At the multiplex:
Akeelah and the Bee (Rated PG for mild language)
I'm a word geek. If you've read this page for any length of time, you know this. So obviously this movie is a good fit for me. It's the story of a gifted student in an inner-city Los Angeles school who grew up with a love of words and eventually works her way toward the National Spelling Bee Championship. However, she's trained herself to "dumb down" so as not to stand out among her peers.
This is not just a movie for nerds. This is one of those feel-good, cheering-in-the-theater movies that leaves you with a smile on your face. I never knew spelling was so thrilling. Seriously. This movie was well-acted and well-written. The young lead carries the film easily. The supporting cast is pretty strong overall, especially the main kids. Angela Bassett's harried-single-mother character was a little flat, but Laurence Fishburne was great as Akeelah's mentor/coach. The character should have been just as flat and predictable, but Fishburne breathes life into it.
Beautiful, heartwarming, funny film--well worth your full-price ticket. And if you're a word-geek like me, you may be tempted to add this one to your DVD collection.
Capote (Rated R for violent images and brief strong language)
Truman Capote's landmark book, "In Cold Blood," is one of the most influential works of 20th-century American writing. This film chronicles Capote's pursuit of this story, and the lengths he goes to get the lowdown on the harrowing crime it recounts. Phillip Seymour Hoffman completely disappears into this role, and proves that he deserved his Best Actor Oscar win. Catherine Keener co-stars as Truman's contemporary and friend Harper Lee. It was interesting to see the publishing of "To Kill a Mockingbird" play a small part in this film. Hoffman presents a very fascinating character study. At the end of the film, I felt both compassion and disgust for the title character.
Side note: I appreciate that Capote's homosexuality was clearly addressed but not emphasized in this film. While some would argue that the film whitewashes his relationships, I think the filmmakers would argue (rightly) that it's not as relevant to the heart of the story. We see Truman's partner, it's obvious they are "together," but we never see them as much as touch.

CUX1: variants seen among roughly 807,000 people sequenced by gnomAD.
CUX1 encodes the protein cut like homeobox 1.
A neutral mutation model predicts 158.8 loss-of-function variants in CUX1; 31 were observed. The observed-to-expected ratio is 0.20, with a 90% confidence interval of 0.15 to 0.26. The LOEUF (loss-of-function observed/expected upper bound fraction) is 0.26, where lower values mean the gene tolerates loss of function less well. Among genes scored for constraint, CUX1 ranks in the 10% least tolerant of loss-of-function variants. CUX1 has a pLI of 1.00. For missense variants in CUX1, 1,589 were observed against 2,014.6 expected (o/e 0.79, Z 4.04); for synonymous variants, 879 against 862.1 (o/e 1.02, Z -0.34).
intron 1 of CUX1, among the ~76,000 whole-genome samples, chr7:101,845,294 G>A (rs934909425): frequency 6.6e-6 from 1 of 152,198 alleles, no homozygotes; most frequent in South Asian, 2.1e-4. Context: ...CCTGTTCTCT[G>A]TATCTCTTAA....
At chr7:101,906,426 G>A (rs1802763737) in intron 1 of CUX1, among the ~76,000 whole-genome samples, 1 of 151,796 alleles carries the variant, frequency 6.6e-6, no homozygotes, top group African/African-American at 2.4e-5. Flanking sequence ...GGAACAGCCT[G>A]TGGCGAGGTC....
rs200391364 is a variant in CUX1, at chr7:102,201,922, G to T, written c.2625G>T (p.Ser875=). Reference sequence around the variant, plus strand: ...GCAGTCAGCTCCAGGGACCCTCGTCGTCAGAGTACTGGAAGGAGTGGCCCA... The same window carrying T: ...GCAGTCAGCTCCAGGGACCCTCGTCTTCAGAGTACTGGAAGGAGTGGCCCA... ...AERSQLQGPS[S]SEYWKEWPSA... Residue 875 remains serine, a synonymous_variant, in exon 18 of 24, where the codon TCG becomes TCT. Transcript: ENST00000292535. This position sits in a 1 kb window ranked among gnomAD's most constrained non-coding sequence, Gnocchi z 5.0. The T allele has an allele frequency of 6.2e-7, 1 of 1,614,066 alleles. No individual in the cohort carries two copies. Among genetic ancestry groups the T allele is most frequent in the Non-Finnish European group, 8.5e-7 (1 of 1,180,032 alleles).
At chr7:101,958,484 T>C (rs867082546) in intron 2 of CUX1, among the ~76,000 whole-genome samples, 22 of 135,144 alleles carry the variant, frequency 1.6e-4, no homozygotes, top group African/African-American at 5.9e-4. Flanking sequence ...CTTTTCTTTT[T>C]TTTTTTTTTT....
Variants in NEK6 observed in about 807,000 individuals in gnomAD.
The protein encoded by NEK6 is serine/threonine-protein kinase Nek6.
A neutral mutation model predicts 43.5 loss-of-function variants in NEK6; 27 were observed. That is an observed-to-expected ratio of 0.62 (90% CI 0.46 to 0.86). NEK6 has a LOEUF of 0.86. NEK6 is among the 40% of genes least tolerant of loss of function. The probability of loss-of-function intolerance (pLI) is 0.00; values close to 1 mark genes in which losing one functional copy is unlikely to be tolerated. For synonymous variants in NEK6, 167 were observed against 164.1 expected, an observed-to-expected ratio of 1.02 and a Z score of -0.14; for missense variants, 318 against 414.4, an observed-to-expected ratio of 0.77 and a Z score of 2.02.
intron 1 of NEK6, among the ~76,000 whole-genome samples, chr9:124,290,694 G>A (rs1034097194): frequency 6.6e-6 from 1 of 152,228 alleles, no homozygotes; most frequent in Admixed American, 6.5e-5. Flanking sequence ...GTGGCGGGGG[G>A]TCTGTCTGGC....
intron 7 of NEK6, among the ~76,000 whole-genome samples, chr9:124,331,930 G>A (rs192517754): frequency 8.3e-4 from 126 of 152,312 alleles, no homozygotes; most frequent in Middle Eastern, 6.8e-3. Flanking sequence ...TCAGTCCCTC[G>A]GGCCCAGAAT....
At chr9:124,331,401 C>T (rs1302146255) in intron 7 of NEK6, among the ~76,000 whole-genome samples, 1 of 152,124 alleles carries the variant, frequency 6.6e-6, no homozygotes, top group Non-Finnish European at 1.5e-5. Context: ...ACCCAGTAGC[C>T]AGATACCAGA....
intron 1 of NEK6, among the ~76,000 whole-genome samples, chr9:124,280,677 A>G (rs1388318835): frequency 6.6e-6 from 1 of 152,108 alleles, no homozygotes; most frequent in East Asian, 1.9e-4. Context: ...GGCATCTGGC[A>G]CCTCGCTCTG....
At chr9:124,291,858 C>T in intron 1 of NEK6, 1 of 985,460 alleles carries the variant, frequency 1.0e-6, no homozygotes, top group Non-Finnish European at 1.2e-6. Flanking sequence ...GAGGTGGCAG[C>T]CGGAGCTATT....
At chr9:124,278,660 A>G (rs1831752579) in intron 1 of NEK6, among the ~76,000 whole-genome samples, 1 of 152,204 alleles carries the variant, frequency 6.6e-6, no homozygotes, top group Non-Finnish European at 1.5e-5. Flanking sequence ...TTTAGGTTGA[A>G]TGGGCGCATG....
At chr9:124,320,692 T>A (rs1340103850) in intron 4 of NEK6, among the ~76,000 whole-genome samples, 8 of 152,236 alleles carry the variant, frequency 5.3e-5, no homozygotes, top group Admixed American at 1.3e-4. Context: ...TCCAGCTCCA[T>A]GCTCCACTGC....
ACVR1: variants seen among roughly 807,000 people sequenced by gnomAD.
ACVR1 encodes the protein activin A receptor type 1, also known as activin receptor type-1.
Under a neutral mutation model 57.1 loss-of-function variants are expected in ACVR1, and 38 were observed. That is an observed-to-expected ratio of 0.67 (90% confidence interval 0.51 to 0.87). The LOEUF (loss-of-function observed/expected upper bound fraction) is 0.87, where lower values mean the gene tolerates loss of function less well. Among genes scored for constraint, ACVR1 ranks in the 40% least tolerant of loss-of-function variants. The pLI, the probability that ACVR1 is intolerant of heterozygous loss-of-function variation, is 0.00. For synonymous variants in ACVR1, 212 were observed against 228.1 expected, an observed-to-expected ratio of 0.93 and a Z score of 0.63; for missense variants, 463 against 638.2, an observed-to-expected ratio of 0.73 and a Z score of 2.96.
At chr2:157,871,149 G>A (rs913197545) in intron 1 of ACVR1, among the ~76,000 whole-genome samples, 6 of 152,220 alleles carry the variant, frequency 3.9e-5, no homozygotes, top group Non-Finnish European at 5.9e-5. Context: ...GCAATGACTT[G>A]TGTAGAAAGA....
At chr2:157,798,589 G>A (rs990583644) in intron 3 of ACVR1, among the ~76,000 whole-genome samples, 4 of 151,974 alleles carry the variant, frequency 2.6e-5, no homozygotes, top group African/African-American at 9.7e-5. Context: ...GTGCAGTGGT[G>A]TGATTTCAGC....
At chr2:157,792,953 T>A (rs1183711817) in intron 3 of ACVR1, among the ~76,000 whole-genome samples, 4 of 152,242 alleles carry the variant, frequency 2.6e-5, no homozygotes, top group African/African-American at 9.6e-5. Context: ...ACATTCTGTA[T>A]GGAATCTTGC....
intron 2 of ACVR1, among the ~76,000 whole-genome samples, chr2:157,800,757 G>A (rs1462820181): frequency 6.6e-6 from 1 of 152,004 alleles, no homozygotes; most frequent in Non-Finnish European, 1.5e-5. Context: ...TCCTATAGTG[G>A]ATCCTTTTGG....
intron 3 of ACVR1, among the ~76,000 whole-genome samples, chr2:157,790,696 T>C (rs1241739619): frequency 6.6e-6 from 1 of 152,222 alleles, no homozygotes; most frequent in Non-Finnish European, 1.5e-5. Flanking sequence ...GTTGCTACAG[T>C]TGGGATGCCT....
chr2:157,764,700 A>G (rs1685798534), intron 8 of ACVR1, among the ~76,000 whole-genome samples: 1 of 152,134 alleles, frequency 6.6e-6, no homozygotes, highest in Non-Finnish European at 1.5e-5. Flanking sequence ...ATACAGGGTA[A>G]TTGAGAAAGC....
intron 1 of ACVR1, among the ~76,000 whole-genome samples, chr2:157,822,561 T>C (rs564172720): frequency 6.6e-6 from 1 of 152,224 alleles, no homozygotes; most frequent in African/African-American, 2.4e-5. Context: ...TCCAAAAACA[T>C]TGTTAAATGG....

Fascinating story that is worth your time and rental money.
Tristan and Isolde (Rated PG-13 for "battle sequences and some sexuality")
Another medieval romance, but one that can't really decide if it's "First Knight" or "Braveheart." It was too "mushy" to be a "guy movie," but much too violent to be a "chick flick." In other words, it kinda worked for me by not working in any set formula. It was clearly marketed as a romance, with the trailer teasing the "forbidden love" aspects. But, according to my mother, it could have done with fewer people getting their heads lopped off. (Personally, I disagree.)
To describe it would be to ruin it for you. It's predictable in the way that legends and fables are predictable. It uses old scenarios to present somewhat timeless ideas, particularly the conflict between honor and passion. Sadly, honor doesn't really win, as you'd expect. But there are consequences and interesting resolutions.
James Franco is sufficient as the male lead. He's not my first choice, but he's fierce enough to be believed as a warrior. And my teenage sister thinks he's cute, so I guess that works for the women during the romantic elements. He's just not a very strong actor yet. On the other hand, the female lead, played by Sophia Myles, is very good. But of course, I may be biased. (I mean, look at her! Dang.) One of the best actors in the film is Rufus Sewell ("Dark City"), a character actor whom I think has been grossly undervalued over the years.